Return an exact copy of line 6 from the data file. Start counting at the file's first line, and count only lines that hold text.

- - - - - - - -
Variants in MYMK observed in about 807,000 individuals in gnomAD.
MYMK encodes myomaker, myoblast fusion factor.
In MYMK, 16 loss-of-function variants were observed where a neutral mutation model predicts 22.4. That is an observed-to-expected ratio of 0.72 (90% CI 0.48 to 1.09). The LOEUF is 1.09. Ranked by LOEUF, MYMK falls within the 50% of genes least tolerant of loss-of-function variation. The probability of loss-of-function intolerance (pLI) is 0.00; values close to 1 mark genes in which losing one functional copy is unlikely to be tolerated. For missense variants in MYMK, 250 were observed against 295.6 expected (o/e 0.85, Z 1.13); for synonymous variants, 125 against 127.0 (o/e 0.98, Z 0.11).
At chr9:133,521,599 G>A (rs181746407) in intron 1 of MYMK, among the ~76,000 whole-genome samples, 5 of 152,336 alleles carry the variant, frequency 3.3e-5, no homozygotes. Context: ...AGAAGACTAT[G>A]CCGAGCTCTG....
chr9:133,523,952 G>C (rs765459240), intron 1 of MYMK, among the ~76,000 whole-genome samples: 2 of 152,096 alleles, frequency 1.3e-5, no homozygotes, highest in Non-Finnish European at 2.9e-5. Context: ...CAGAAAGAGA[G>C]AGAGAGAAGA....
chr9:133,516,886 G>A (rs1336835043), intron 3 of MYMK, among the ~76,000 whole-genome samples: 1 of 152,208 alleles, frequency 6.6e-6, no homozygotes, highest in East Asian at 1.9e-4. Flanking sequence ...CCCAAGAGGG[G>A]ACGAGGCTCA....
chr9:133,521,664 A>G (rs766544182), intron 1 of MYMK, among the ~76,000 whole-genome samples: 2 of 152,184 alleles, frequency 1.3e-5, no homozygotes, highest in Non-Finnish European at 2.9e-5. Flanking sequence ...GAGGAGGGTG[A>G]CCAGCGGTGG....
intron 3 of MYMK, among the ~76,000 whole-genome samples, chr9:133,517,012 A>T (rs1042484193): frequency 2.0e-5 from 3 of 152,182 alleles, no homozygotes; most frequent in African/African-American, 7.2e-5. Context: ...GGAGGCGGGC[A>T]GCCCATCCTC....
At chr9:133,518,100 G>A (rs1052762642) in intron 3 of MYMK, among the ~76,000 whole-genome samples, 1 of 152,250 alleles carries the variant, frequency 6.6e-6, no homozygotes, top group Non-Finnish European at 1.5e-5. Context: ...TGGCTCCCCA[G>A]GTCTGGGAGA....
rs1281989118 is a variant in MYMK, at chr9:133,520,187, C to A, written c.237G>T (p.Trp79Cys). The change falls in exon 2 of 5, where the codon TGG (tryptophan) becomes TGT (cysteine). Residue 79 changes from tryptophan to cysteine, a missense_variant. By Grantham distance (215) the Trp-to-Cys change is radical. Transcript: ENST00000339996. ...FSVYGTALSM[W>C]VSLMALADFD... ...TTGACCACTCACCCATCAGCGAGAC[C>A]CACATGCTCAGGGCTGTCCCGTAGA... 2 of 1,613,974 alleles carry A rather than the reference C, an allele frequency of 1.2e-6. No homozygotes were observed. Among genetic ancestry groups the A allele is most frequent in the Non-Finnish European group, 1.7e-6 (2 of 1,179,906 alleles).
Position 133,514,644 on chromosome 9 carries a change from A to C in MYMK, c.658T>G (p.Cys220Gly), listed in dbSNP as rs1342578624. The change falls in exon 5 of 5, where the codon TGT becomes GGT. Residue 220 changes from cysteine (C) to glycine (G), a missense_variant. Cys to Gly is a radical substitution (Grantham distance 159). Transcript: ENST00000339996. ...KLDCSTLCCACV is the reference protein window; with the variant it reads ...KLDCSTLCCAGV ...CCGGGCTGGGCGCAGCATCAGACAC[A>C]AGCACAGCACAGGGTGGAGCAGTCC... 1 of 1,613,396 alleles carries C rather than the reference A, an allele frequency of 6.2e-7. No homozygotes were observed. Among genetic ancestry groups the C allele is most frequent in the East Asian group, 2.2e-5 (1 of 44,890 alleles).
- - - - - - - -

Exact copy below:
chr9:133,516,886 G>A (rs1336835043), intron 3 of MYMK, among the ~76,000 whole-genome samples: 1 of 152,208 alleles, frequency 6.6e-6, no homozygotes, highest in East Asian at 1.9e-4. Flanking sequence ...CCCAAGAGGG[G>A]ACGAGGCTCA....